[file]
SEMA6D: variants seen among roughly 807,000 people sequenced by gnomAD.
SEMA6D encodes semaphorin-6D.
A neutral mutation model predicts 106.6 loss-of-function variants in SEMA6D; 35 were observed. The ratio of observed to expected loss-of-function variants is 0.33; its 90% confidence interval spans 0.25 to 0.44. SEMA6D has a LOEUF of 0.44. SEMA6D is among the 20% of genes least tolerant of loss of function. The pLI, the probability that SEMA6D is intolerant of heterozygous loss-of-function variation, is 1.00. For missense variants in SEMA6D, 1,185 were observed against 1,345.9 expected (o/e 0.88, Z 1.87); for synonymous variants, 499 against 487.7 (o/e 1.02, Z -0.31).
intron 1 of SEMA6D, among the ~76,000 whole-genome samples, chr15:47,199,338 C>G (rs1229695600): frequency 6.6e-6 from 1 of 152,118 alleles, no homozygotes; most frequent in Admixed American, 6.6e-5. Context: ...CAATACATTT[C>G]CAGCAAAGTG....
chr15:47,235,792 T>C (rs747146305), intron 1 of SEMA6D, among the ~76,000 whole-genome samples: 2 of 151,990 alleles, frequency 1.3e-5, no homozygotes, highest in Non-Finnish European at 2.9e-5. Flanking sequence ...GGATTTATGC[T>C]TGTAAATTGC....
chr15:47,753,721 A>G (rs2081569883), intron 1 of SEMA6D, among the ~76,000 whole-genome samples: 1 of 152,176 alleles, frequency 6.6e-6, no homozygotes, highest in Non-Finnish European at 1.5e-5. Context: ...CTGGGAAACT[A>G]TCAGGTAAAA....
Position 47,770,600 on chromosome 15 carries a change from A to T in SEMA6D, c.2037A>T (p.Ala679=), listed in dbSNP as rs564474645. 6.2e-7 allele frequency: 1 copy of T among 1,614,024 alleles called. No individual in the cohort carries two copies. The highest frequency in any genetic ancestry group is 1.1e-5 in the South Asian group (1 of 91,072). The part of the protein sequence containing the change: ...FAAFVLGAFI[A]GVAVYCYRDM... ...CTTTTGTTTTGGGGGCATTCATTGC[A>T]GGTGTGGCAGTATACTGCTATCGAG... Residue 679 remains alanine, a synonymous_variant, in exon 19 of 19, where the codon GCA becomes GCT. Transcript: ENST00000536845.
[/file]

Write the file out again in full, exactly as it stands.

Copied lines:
SEMA6D: variants seen among roughly 807,000 people sequenced by gnomAD.
SEMA6D encodes semaphorin-6D.
A neutral mutation model predicts 106.6 loss-of-function variants in SEMA6D; 35 were observed. The ratio of observed to expected loss-of-function variants is 0.33; its 90% confidence interval spans 0.25 to 0.44. SEMA6D has a LOEUF of 0.44. SEMA6D is among the 20% of genes least tolerant of loss of function. The pLI, the probability that SEMA6D is intolerant of heterozygous loss-of-function variation, is 1.00. For missense variants in SEMA6D, 1,185 were observed against 1,345.9 expected (o/e 0.88, Z 1.87); for synonymous variants, 499 against 487.7 (o/e 1.02, Z -0.31).
intron 1 of SEMA6D, among the ~76,000 whole-genome samples, chr15:47,199,338 C>G (rs1229695600): frequency 6.6e-6 from 1 of 152,118 alleles, no homozygotes; most frequent in Admixed American, 6.6e-5. Context: ...CAATACATTT[C>G]CAGCAAAGTG....
chr15:47,235,792 T>C (rs747146305), intron 1 of SEMA6D, among the ~76,000 whole-genome samples: 2 of 151,990 alleles, frequency 1.3e-5, no homozygotes, highest in Non-Finnish European at 2.9e-5. Flanking sequence ...GGATTTATGC[T>C]TGTAAATTGC....
chr15:47,753,721 A>G (rs2081569883), intron 1 of SEMA6D, among the ~76,000 whole-genome samples: 1 of 152,176 alleles, frequency 6.6e-6, no homozygotes, highest in Non-Finnish European at 1.5e-5. Context: ...CTGGGAAACT[A>G]TCAGGTAAAA....
Position 47,770,600 on chromosome 15 carries a change from A to T in SEMA6D, c.2037A>T (p.Ala679=), listed in dbSNP as rs564474645. 6.2e-7 allele frequency: 1 copy of T among 1,614,024 alleles called. No individual in the cohort carries two copies. The highest frequency in any genetic ancestry group is 1.1e-5 in the South Asian group (1 of 91,072). The part of the protein sequence containing the change: ...FAAFVLGAFI[A]GVAVYCYRDM... ...CTTTTGTTTTGGGGGCATTCATTGC[A>T]GGTGTGGCAGTATACTGCTATCGAG... Residue 679 remains alanine, a synonymous_variant, in exon 19 of 19, where the codon GCA becomes GCT. Transcript: ENST00000536845.